With the changing and shrinking economic/budgetary picture our city, state, nation and world is facing, it’s safe to say we’re in crisis—and a crisis that has been brewing long before George W. Bush was in the White House. It’s also safe to say the crisis mushroomed in scope while Bush was in office and that his successor has not been successful to date in addressing this crisis…and that waiting for the White House to rescue us is probably a losing endeavor.
It’s amazing that so many of the doomsayers lived during a national paradigm of “there’s nothing to fear but fear itself” and “ask not what your country can do for you but what you can do for your country” and have taken to resorting to a new paradigm of “the rich have done us wrong, and we need to get their money and save us all.”
Well, that may be true for some of the Wall Street creeps who are just as guilty of Bernie Madoff but who got bailed out, not imprisoned, by the federal government because they destroyed smaller, middle class investors instead of the high-profile, richer investors that Madoff had the temerity to defraud. But while it may be true that “the rich” (whoever they are) need to pay more in taxes it’s also true that there aren’t enough of them to rescue us all, and we all need to pay down our public debt.
Which means that everyone, of all economic classes, needs to ask that person in the mirror whether being rescued or taking charge of their life will bring about the success that was and still is the American Dream (which is to be able to pursue success and happiness unfettered by outside influences). The post-World War II Western European Dream has its benefits, but today’s reality of waiting for “someone else” to take care of you has its pitfalls as well.
Sweat Equity Point #1: The Republican political leadership in Washington made and makes a great deal of how “ObamaCare” will horribly defund Medicare, but it’s no secret that the private and/or public sector will have to find a way to lower Medicare costs to sustainability. (Link)
Furthermore, a recent poll showed that Republican voters are as focused on directing Medicare costs to the truly-needy as they are focused on reducing costs overall. (Link)
In other words, flowery political speech won’t get the job done in our new information age. Some folks are truly ill and helpless, and they need support…while the rest of us should just not retire until we can supplement our governmental “pension” of Social Security/Medicare with our own, self-earned funds.
Sweat Equity Point #2: The Democratic political leadership in Sacramento made and makes a great deal of how the Republican minority is still holding up the tax increases it believes would balance the state budget, but rather than acceding to those Republican demands of public sector pension reform and structural budget reform, they tried to do an end run around the GOP (and, apparently the voters) and passed another Schwarzeneggar-era fantasy budget.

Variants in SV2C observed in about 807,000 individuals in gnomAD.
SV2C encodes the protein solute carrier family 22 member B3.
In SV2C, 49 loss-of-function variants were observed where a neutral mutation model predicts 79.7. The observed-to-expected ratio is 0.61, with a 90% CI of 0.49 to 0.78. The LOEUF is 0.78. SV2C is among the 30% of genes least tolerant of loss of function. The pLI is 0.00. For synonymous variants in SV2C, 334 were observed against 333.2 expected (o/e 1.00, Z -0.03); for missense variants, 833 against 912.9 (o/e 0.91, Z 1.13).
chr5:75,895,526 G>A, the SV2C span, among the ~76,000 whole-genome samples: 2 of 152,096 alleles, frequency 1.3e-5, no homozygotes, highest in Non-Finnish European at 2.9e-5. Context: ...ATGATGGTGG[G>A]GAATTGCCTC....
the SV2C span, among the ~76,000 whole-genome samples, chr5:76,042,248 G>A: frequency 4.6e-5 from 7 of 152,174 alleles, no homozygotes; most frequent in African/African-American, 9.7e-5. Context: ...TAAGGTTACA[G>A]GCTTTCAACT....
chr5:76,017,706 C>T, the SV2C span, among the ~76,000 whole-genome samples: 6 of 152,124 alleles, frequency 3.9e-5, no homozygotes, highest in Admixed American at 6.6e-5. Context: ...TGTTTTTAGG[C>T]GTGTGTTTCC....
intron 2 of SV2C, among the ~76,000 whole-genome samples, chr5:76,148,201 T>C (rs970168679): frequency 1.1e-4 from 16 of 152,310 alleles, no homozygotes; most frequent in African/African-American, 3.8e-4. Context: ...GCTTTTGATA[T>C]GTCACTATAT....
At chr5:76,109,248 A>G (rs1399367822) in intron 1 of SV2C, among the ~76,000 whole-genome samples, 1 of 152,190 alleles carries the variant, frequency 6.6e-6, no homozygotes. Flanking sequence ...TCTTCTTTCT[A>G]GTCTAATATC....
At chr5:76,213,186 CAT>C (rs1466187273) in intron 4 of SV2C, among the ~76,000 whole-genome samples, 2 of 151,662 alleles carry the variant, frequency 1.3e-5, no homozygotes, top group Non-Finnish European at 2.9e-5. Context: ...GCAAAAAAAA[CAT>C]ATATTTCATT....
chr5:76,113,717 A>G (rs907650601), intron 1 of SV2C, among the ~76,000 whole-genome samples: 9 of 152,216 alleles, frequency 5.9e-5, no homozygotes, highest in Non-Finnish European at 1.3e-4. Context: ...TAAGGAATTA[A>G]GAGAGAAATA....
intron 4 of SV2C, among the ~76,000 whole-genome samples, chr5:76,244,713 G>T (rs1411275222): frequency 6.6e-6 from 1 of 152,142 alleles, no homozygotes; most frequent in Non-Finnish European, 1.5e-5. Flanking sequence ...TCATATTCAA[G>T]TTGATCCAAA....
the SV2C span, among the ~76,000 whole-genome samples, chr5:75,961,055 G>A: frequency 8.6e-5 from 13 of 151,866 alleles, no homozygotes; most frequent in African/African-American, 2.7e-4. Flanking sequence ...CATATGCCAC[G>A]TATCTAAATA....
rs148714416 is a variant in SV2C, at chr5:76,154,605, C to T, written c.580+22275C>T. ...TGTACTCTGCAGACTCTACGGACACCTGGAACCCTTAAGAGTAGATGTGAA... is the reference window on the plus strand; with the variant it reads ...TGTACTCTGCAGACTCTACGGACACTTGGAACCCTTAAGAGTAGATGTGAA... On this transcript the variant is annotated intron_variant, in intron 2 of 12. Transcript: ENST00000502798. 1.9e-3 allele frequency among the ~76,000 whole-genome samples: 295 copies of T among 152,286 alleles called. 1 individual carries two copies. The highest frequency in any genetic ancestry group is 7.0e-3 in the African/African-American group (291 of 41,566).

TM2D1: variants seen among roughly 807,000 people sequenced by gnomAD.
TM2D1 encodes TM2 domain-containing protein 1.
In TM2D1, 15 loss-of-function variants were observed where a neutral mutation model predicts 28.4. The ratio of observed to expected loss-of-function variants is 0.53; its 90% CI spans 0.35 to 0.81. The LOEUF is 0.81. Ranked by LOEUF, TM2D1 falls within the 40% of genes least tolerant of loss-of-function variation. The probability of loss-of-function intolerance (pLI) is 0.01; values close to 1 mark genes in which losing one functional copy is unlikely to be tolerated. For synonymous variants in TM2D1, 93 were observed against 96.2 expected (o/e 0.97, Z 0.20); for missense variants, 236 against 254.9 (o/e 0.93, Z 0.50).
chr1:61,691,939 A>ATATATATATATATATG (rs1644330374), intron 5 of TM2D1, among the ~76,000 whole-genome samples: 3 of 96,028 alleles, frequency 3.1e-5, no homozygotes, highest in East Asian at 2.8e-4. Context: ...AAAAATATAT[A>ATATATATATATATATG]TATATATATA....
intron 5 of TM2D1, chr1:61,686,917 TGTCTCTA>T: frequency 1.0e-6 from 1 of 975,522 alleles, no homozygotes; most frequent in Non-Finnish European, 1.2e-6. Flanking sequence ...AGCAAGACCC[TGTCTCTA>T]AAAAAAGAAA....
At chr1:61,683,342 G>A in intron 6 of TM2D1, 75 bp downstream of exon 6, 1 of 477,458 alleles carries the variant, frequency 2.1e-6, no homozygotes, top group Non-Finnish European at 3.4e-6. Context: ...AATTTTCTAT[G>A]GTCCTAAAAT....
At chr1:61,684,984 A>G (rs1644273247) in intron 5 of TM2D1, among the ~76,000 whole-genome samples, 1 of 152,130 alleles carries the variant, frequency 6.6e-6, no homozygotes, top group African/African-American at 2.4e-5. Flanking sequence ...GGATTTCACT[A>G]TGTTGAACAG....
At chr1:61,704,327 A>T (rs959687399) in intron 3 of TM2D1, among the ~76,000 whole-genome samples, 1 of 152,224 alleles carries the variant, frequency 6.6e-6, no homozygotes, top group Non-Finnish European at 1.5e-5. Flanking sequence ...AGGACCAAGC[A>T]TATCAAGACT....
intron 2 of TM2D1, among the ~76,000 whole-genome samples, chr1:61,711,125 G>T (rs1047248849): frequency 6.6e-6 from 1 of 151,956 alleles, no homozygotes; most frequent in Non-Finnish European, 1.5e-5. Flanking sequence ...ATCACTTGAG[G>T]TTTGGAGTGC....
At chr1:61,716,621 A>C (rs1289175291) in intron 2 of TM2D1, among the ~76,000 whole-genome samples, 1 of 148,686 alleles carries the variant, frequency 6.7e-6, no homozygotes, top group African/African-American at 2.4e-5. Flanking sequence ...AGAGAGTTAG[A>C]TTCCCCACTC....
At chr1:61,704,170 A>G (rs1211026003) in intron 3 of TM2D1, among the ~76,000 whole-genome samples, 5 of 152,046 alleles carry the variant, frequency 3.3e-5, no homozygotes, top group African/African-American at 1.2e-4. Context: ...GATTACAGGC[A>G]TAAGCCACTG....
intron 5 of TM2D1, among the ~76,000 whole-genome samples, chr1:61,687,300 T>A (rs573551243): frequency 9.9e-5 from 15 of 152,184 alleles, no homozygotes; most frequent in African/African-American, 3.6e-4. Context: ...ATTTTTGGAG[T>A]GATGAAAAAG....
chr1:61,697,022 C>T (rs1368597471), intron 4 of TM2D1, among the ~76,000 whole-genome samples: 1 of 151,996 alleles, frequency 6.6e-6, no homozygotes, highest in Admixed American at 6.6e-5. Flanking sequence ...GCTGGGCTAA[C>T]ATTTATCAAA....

And then Governor Brown and State Controller Chiang did their own end-run around the Democratic Legislature by vetoing the smoke-and-mirrors budget and denying California lawmakers their pay, as per the will of the voters. There’s no shortage of California voters of all political leanings who want the hard truth and honest, gut-checking leadership from Sacramento, so it's doubtful that Brown and Chiang will be vilified as much as will be the Legislature for this turn of events.
In other words…again…flowery political speech won’t get the job done in our new information age. Some state programs are vital but will have to be carried out with less funding…and other state programs (and state public unions) must be confronted and vigorously, meaningfully reformed.
So will we change the talking points from “we need our comfort!” to “we need to confront and fix our problems?”
Will we change the operating environment of union/worker leadership from neverending confrontation to that of ombudsmen who demand shared benefits of profitability while demanding that workers assist management in achieving profitability?
Will we change the operating environment of business leadership from neverending confrontation to that of a job-creating, innovation-oriented leadership who motivates workers to do more and get more as a reward?
With the understanding that a GED degree is the rough equivalent of 8th grade proficiency, will we start focusing high school students on job skills—and money-making independence—as early as the 9th grade?
With the understanding that delayed retirement has proven financial and health benefits for most, will we encourage financial independence over early retirement for those healthy enough to work longer than age 65?
Will we promote a society that recognizes that sweat equity, with each of us having some skin in the game as a contributor who is independent of the hard work of others, empowers us all?
And finally, will we stop dismissing true sustainability and financial independence as crazy talk?
After all, we’ve got nothing to fear but fear itself…right?
(Ken Alpern is a former Board member of the Mar Vista Community Council (MVCC), previously co-chaired its Planning and Outreach Committees, and currently co-chairs its MVCC Transportation/Infrastructure Committee. He is co-chair of the CD11 Transportation Advisory Committee and chairs the nonprofit Transit Coalition, and can be reached at [email protected] The views expressed in this article are solely those of Mr. Alpern.) -cw
Tags: Social Security, Medicare, Wall Street, Bernie Madoff, George W. Bush, doomsayers, White House, Republican, Democrat
Vol 9 Issue 50
Pub: June 24, 2011